Kidz First Neonatal Care
Public Service, Paediatrics, Intensive Care
Your baby may be tested or treated because of the risk of infection. The usual reason for this check is if your baby has some problem like a temperature, fast breathing, lack of energy or poor feeding.
What is wrong?
Babies can develop an infection, just like adults. For example, they may get pneumonia or a urine infection. Because babies are small and cannot tell us what is wrong, we prefer to give them treatment (e.g. antibiotics) to prevent problems rather than wait and see.
Who is at risk?
Babies are more likely to get an infection if:
- the waters broke more than 24 hours before birth
- the mother had a high temperature during labour
- the baby is born before it is due.
Is it serious?
Most infections are not serious for the baby. The doctors will tell you if they think an infection is serious.
What are the tests?
- A blood test and urine test to see if any bugs grow.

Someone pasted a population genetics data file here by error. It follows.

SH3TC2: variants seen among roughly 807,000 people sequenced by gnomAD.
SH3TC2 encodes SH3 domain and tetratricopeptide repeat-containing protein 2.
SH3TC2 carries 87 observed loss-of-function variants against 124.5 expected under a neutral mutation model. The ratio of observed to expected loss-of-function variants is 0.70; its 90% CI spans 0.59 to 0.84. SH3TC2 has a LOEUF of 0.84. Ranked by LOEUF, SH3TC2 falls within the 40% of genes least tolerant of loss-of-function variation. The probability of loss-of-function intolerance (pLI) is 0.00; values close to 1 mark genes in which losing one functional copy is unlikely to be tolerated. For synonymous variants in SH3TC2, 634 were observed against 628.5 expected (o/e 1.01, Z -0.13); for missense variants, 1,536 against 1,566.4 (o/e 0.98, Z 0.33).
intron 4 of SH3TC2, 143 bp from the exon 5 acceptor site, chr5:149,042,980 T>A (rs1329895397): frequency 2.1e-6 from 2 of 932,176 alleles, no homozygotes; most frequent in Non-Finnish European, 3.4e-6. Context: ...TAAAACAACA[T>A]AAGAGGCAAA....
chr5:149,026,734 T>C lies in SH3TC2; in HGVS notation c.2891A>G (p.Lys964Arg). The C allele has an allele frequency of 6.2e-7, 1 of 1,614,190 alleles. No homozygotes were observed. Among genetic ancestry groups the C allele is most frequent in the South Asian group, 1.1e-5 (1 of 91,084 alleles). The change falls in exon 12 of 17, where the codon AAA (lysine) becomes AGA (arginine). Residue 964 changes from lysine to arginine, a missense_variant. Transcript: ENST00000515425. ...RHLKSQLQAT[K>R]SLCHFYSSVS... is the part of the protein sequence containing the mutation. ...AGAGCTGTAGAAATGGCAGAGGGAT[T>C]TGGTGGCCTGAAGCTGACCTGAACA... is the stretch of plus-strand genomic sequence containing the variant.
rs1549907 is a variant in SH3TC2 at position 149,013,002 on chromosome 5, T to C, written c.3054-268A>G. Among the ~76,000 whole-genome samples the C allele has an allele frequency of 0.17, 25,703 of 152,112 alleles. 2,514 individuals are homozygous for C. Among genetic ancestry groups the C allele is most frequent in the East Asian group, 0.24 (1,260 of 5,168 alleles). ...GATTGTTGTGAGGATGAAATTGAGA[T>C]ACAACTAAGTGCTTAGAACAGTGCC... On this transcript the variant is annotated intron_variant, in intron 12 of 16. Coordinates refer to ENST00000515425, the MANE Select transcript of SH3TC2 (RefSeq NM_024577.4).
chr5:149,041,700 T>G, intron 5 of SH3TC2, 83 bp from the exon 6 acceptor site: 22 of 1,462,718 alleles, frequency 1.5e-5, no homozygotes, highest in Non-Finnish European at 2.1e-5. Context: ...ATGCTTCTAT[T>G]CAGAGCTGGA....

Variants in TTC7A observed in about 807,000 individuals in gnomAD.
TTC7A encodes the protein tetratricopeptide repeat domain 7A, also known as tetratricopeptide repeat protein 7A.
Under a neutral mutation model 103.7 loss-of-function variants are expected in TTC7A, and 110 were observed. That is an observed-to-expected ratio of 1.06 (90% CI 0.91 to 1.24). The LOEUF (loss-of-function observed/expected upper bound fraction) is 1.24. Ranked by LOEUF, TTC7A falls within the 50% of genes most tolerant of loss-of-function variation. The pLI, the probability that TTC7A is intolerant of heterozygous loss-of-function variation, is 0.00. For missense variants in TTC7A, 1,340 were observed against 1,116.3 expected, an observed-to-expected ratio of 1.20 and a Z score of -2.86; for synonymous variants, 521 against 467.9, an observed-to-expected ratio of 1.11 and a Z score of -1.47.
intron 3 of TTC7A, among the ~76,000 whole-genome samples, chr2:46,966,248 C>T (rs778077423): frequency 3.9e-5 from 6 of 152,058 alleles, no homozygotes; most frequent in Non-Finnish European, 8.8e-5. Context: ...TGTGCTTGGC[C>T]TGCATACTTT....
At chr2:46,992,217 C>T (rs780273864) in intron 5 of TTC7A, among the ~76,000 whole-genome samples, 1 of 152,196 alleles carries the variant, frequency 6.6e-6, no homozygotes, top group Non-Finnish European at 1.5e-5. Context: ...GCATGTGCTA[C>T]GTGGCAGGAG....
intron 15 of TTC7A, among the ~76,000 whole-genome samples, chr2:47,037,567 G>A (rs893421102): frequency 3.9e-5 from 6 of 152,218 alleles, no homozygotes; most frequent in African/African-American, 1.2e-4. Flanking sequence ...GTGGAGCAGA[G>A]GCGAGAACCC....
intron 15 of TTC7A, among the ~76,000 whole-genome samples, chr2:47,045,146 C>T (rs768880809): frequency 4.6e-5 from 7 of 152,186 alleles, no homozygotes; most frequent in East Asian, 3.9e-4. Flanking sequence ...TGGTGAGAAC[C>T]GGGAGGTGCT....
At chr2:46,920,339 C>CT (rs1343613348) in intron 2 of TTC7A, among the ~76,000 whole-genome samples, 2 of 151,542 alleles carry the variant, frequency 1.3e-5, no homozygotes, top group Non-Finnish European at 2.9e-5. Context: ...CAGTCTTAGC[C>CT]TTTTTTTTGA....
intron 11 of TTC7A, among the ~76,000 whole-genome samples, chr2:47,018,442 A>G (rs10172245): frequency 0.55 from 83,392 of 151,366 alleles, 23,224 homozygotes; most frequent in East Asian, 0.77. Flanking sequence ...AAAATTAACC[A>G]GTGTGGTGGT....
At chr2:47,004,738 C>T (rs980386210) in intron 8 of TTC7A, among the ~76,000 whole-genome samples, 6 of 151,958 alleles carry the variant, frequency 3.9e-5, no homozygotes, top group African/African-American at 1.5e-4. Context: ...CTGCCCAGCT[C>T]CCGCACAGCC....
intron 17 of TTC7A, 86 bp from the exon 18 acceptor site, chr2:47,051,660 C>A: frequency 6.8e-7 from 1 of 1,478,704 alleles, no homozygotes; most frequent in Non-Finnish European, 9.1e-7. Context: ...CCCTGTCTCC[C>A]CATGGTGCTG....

- A chest x-ray.
- Lumbar Puncture (a spinal fluid test to see if any bugs grow).
What is the treatment?
- Your baby will have a drip and be given antibiotics.
- Sometimes a baby may need other treatment like oxygen or CPAP.
- Some babies will turn out not to have an infection and will only be given antibiotics for 48 hours.
- All other babies are given antibiotics for as long as is needed. This is usually 5 days but can be longer.
- Any baby who is feeding normally and is not too sick can be with their mother on the postnatal ward.
- Unless the baby has been very sick, there will be no need for special checks after going home.